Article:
The Fly

Howdy all you Supercultists out there on the interwebz!
I’m Bad Movie Professor Cameron Coker (BS in “David Cronenberg” with a minor in “Remakes”) and I’ll be posting my hype-tacular speeches every week along with some long lost speeches from past Supercult Shows!

This week the Supercult show takes you to the limit of your imagination where our greatest creations meet our deepest fears in The Fly!

The Fly Poster

Self-involved research scientist Seth Brundle invites science-magazine reporter Veronica Quaife to his lab and demonstrates his newest project: a set of ‘telepods’ that can teleport matter from one pod to another. As the two grow closer Veronica inspires Seth to reprogram the pods for living things and decides to use himself as a test subject. Little does he know that a common housefly slipped into the transmitter pod with him for the journey, and what emerged from the second pod that day is not of this world. Be afraid. Be very afraid of…The Fly!

In 1958, director Kurt Neumann adapted George Langelaan’s 1957 short story for the silver screen. The result was The Fly starring Vincent Price, in which a scientist swaps his head and left arm with that of a fly in a teleportation accident and desperately searches for the fly from the experiment so that he can reverse the process before his new fly instincts take over. The Fly was a box office success that won a Hugo Award and grossed three million dollars at the domestic box office against a budget of less that half a million.

 

20 years later screenwriter Charles Edward Pogue was approached with the idea of remaking the classic sci-fi horror film. After reading the book and watching the original film he initially wrote an outline similar to the Langelaan short story he thought it would be better to rework the material to focus on a gradual metamorphosis rather than an instantaneous monster. After some financing trouble, replacing and then re-hiring Pogue as writer, and more than a few false starts the film was eventually handed to the producer’s first choice for director, the Canadian King of Venereal Horror, David Cronenberg, veteran of other gruesome yet philosophical  horror flicks like, The Dead Zone, Videodrome, and Scanners. Cronenberg agreed to direct the film on the condition that he be allowed to rewrite the script.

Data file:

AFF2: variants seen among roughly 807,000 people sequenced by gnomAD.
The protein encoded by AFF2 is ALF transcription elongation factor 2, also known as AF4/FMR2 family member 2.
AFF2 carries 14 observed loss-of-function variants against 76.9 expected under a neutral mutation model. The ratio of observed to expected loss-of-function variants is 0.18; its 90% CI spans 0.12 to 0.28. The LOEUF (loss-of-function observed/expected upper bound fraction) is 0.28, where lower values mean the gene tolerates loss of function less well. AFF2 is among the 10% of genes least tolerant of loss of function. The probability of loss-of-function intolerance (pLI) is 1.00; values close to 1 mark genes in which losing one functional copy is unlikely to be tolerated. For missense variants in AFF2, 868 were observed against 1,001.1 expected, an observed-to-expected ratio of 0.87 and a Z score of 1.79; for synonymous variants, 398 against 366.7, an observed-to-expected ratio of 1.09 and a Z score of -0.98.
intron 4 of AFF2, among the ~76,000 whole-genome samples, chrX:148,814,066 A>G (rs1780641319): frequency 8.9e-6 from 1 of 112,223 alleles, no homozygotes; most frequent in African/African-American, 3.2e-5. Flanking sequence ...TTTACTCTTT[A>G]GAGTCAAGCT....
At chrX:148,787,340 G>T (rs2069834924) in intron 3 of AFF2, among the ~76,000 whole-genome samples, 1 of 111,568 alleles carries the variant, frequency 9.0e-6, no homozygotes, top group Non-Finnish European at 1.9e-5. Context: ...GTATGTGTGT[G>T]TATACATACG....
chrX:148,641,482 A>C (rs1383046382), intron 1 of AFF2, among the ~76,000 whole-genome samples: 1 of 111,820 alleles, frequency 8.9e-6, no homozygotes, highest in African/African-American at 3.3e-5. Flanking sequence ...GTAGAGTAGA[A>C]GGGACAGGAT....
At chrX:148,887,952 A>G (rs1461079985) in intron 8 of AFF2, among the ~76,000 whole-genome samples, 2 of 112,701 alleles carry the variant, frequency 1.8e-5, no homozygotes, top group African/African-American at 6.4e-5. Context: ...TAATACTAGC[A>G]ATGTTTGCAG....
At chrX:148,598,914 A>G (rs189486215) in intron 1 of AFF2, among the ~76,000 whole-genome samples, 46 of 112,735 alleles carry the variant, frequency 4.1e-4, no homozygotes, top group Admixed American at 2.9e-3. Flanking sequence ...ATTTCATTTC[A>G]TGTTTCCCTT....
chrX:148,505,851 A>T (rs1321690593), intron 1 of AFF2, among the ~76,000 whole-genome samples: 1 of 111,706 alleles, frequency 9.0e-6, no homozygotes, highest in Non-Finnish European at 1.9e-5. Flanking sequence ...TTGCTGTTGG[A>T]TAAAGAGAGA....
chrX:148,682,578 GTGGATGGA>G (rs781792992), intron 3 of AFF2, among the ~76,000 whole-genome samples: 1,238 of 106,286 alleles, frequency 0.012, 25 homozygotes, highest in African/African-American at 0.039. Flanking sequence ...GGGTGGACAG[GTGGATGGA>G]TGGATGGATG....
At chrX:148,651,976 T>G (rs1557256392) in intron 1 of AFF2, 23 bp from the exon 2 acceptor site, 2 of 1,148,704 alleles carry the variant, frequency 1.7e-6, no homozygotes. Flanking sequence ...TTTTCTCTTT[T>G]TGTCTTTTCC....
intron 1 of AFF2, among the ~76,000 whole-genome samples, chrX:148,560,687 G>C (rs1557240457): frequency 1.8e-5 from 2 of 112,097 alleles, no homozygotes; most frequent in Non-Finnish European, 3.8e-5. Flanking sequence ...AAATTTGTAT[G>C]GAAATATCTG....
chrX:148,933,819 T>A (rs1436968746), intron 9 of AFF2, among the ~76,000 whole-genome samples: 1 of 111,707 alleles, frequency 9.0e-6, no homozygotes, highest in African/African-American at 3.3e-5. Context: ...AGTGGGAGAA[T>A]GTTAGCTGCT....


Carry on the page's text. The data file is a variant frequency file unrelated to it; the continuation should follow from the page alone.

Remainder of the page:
David Cronenberg, shown here being a super creepy badass.

David Cronenberg, shown here being a super creepy badass.

Cronenberg’s draft differed greatly from Pogue’s screenplay though it retained the basic plot and central concept of gradual mutation. Cronenberg rewrote the characters and most of the dialogue from scratch, expanded upon certain aspects of Pogue’s transformation scenes, repurposed or rearranged certain sequences, and layered in his trademark themes of sexuality, body horror, and personal identity. Cronenberg also made it a point to keep Seth Brundle as articulate as possible for as long as possible and opted for the character to morph into a hideous man-fly hybrid rather than a literal giant fly. Despite the extensive rewrite, Cronenberg insisted that he and Pogue share screenplay credit, since he felt that his version could not have come to pass without Pogue’s script to serve as a foundation.